A public comment period has opened for Minnesota's new ballast water discharge permit for ships. The state will require permits for most of the ships calling on Minnesota ports like Duluth.
Eventually, ships will have to install technology intended to kill living creatures in the ballast water, but the MPCA's Paul Eger said that technology isn't ready just yet.
"There are a lot of things that can be done right now. For example, our permit includes some best management practices, so those will be in effect immediately, when the permit's issued. And then, one of the things that we want to see accomplished over time is the development and implementation of treatment technology on the ships, so there's certainly things that we can be doing right now," Eger said.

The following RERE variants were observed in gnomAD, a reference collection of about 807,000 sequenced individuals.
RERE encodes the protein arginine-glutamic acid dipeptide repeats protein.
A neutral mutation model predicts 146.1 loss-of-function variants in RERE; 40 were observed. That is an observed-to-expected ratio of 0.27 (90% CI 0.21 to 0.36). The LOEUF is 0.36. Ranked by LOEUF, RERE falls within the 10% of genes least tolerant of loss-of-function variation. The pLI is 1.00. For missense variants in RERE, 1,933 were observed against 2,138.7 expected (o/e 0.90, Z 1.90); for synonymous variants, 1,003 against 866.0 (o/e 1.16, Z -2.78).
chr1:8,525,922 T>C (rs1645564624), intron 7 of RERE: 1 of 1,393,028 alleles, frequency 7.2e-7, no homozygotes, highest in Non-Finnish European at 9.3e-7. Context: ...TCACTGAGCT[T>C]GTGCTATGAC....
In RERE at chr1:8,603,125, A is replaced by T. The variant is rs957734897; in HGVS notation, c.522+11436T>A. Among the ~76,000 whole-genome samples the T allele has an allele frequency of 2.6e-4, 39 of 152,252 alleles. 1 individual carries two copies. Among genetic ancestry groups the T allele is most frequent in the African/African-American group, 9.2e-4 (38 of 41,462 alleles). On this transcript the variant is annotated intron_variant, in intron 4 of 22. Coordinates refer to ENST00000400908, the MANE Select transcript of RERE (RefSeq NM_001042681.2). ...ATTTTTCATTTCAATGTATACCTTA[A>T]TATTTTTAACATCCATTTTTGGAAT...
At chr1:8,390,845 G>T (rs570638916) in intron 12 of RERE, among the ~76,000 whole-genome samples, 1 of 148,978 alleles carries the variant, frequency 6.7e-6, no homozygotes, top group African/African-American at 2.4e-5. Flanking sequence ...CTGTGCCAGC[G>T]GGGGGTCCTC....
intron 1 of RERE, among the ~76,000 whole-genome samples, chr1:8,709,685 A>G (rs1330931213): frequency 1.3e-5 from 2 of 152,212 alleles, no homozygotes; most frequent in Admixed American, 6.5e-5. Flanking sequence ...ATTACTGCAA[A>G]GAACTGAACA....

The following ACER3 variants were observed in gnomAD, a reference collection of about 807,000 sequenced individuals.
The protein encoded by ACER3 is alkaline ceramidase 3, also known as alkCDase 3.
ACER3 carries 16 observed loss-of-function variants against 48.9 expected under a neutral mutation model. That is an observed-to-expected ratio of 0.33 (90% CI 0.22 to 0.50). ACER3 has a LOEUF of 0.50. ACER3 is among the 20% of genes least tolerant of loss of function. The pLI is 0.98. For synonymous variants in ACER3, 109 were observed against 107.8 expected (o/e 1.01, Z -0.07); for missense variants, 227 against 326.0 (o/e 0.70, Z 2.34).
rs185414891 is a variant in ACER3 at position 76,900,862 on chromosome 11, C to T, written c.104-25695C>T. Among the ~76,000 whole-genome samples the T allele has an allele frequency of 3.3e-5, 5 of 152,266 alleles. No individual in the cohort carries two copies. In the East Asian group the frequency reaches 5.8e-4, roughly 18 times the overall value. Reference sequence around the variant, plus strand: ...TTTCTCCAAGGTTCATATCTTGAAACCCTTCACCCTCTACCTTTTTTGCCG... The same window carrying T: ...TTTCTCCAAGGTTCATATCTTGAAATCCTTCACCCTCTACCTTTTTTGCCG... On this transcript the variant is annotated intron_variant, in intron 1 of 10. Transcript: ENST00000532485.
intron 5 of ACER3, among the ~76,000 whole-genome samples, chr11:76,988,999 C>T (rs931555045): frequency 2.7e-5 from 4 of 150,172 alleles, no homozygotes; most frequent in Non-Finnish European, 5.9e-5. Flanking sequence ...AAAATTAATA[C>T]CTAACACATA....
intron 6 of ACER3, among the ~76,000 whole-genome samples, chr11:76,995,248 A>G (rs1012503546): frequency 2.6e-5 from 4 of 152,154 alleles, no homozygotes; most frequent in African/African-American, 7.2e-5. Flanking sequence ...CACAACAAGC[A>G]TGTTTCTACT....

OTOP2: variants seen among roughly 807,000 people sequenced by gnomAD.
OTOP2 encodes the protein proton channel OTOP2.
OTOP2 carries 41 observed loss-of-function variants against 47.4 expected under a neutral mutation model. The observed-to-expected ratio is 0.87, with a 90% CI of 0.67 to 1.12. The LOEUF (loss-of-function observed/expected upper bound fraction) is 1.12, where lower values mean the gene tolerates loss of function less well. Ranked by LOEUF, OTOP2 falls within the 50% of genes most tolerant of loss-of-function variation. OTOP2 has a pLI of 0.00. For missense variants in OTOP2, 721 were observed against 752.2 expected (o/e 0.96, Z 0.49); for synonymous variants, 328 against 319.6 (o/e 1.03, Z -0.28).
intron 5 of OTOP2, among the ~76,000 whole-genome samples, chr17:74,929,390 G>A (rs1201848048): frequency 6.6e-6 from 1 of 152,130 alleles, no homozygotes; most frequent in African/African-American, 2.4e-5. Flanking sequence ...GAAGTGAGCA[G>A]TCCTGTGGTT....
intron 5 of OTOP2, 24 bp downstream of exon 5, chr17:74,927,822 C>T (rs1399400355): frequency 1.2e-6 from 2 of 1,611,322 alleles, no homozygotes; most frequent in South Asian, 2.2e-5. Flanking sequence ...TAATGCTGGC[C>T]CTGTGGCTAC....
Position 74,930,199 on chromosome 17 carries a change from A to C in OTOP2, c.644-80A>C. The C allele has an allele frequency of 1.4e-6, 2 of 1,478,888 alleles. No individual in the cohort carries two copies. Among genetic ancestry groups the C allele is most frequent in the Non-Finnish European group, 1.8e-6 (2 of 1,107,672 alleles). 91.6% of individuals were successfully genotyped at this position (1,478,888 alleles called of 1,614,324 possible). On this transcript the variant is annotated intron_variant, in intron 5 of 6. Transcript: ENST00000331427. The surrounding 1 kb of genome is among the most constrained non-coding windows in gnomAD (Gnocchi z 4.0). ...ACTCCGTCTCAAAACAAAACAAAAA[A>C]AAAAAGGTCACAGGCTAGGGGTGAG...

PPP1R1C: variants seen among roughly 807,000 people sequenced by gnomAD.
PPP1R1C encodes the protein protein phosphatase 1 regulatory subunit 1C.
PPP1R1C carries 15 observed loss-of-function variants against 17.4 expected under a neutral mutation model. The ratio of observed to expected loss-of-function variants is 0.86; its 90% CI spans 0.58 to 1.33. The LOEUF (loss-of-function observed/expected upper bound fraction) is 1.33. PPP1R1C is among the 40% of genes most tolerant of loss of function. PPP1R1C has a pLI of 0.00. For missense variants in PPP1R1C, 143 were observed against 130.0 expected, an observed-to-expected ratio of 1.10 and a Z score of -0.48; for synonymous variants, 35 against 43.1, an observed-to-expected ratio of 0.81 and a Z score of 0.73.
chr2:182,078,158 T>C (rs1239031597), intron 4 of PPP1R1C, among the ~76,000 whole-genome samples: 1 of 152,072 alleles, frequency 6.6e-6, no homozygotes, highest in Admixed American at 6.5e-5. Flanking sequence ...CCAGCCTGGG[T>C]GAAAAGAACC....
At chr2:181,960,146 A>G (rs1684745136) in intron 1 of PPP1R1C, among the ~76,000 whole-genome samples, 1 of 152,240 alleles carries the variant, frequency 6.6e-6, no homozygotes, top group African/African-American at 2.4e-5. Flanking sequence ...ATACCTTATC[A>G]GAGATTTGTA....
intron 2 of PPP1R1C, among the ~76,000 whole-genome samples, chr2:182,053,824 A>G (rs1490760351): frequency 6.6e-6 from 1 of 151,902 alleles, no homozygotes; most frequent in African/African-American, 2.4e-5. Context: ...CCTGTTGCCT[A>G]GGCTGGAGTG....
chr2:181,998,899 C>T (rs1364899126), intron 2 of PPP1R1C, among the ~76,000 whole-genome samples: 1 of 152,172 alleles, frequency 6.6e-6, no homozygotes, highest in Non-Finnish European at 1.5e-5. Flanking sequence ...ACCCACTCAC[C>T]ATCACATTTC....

The permits will affect 300 or more ships. The MPCA says there are close to 60 unwanted organisms in Lake Superior believed brought into the lake aboard ship ballast water.
A comment period on the draft permit remains open until July 30.
- Ramsey County judge rules MPCA must regulate ballast water A judge says the Minnesota Pollution Control Agency must fight the spread of a fishing-killing virus by regulating ballast water released into Lake Superior.
- Minn. officials discuss plans for water ballast permits Federal environmental officials are not happy with Minnesota plans to issue ballast water permits for ships. The MPCA's draft ballast permit was discussed in a two hour hearing the agency held in Duluth.
- Fighting the VHS fish virus Minnesota officials stepping up efforts against VHS fish disease.